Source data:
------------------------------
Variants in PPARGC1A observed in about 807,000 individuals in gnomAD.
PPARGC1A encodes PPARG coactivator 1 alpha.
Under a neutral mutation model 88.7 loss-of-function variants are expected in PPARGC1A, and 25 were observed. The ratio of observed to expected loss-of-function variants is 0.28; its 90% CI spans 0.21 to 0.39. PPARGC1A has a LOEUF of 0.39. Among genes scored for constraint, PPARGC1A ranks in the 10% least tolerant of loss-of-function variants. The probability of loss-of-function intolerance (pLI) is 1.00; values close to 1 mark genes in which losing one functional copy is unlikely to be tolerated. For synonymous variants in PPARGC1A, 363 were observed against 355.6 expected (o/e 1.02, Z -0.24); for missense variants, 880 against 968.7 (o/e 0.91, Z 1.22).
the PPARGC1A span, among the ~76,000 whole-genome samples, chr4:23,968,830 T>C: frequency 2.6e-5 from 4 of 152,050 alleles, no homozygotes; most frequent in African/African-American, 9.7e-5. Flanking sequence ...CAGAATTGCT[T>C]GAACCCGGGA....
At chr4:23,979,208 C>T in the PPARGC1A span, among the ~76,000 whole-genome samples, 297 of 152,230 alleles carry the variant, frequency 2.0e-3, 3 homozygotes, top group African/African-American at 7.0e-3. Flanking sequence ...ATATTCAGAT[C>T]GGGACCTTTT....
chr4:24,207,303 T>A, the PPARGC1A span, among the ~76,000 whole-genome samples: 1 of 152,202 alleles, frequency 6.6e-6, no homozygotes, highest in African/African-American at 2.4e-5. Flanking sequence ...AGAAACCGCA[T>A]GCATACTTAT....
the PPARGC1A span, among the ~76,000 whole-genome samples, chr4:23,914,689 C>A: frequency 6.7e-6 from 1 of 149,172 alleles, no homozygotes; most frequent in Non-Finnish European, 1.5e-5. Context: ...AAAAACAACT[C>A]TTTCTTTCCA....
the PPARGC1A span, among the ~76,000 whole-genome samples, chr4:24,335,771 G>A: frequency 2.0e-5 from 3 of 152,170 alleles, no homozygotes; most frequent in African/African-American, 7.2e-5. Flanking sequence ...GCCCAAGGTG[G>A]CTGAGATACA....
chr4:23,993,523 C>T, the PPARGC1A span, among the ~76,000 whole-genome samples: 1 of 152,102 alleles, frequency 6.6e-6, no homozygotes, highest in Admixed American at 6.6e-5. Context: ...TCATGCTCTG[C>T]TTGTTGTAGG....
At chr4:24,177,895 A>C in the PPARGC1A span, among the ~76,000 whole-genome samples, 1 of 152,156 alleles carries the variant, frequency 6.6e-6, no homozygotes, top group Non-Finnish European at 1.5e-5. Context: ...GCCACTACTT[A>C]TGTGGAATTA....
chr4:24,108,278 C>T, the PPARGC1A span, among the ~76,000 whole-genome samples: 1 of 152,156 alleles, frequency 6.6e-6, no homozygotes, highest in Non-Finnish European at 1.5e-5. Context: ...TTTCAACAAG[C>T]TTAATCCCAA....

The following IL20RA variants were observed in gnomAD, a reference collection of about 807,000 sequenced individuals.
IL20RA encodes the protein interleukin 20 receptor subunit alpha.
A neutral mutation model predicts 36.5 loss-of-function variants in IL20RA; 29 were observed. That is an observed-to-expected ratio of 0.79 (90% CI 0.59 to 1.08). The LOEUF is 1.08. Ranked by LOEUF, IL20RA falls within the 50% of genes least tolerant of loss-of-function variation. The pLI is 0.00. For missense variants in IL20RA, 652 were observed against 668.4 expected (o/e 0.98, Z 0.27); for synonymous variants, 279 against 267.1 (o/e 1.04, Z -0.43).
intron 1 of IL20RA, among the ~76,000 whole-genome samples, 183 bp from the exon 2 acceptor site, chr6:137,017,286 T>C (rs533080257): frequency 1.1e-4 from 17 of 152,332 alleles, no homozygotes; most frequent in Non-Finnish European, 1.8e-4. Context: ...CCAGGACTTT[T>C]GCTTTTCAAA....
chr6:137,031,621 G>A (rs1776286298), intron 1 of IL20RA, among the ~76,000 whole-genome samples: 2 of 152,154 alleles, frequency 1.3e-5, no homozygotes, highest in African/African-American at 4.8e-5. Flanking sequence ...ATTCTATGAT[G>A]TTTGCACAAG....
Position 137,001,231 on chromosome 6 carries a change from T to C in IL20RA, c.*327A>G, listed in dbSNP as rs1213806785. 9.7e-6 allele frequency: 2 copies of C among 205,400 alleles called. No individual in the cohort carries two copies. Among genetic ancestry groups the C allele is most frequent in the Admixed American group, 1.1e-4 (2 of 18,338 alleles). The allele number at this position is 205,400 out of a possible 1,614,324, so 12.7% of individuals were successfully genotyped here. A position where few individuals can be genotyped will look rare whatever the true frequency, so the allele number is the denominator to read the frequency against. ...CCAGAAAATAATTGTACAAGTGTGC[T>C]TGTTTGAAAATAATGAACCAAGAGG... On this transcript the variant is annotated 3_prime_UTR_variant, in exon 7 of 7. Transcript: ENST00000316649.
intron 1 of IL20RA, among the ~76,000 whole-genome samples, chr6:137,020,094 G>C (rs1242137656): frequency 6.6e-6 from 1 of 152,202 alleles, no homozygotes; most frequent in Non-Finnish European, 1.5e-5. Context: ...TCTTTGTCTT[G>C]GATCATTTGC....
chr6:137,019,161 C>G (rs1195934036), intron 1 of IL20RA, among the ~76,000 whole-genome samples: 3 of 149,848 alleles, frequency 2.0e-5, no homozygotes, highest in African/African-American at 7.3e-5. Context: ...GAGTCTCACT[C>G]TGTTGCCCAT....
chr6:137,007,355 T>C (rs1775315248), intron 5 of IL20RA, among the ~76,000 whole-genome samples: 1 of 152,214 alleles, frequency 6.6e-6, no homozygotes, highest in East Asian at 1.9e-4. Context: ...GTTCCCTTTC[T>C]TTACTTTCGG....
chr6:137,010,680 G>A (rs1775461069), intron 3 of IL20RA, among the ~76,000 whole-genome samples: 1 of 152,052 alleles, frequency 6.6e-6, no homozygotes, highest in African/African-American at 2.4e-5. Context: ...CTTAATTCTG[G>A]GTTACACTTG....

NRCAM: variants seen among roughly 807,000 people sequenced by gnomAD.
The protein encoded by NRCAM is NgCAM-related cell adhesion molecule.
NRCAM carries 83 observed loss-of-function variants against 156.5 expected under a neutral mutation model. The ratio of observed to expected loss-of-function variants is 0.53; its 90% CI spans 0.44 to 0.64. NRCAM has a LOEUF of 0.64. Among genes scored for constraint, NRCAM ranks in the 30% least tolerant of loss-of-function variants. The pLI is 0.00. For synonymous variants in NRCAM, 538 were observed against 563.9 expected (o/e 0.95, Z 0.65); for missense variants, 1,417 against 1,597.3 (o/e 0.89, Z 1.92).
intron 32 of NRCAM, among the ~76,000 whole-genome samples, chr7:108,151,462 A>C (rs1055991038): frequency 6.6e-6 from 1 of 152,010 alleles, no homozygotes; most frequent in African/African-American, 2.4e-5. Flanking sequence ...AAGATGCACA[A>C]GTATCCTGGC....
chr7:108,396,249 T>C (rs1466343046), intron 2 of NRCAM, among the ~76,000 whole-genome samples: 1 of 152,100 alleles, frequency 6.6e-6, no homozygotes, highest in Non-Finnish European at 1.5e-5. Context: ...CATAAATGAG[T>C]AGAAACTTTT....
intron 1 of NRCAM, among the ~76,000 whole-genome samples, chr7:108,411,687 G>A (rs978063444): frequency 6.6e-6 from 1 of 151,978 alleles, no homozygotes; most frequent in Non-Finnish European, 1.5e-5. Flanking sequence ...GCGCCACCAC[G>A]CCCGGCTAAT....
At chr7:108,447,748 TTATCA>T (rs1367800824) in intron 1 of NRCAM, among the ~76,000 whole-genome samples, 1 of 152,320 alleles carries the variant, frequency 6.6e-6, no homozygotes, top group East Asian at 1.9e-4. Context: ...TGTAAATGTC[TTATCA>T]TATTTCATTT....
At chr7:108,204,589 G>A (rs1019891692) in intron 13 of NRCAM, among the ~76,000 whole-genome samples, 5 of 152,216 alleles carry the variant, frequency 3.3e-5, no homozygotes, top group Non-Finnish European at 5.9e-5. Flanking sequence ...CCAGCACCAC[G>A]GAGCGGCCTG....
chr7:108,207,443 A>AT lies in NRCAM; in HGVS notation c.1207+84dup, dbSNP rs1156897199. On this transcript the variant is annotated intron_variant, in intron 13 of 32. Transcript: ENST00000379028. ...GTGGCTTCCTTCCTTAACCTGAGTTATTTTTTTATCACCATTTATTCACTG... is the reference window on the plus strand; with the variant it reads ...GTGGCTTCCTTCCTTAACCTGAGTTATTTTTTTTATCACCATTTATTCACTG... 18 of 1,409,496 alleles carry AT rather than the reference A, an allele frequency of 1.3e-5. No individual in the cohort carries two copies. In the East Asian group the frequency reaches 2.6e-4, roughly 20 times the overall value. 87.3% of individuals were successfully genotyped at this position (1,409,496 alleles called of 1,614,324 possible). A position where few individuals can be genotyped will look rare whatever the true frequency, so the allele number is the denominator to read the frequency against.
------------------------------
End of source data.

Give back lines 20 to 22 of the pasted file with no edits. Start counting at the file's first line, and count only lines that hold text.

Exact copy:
chr6:137,007,355 T>C (rs1775315248), intron 5 of IL20RA, among the ~76,000 whole-genome samples: 1 of 152,214 alleles, frequency 6.6e-6, no homozygotes, highest in East Asian at 1.9e-4. Context: ...GTTCCCTTTC[T>C]TTACTTTCGG....
chr6:137,010,680 G>A (rs1775461069), intron 3 of IL20RA, among the ~76,000 whole-genome samples: 1 of 152,052 alleles, frequency 6.6e-6, no homozygotes, highest in African/African-American at 2.4e-5. Context: ...CTTAATTCTG[G>A]GTTACACTTG....

NRCAM: variants seen among roughly 807,000 people sequenced by gnomAD.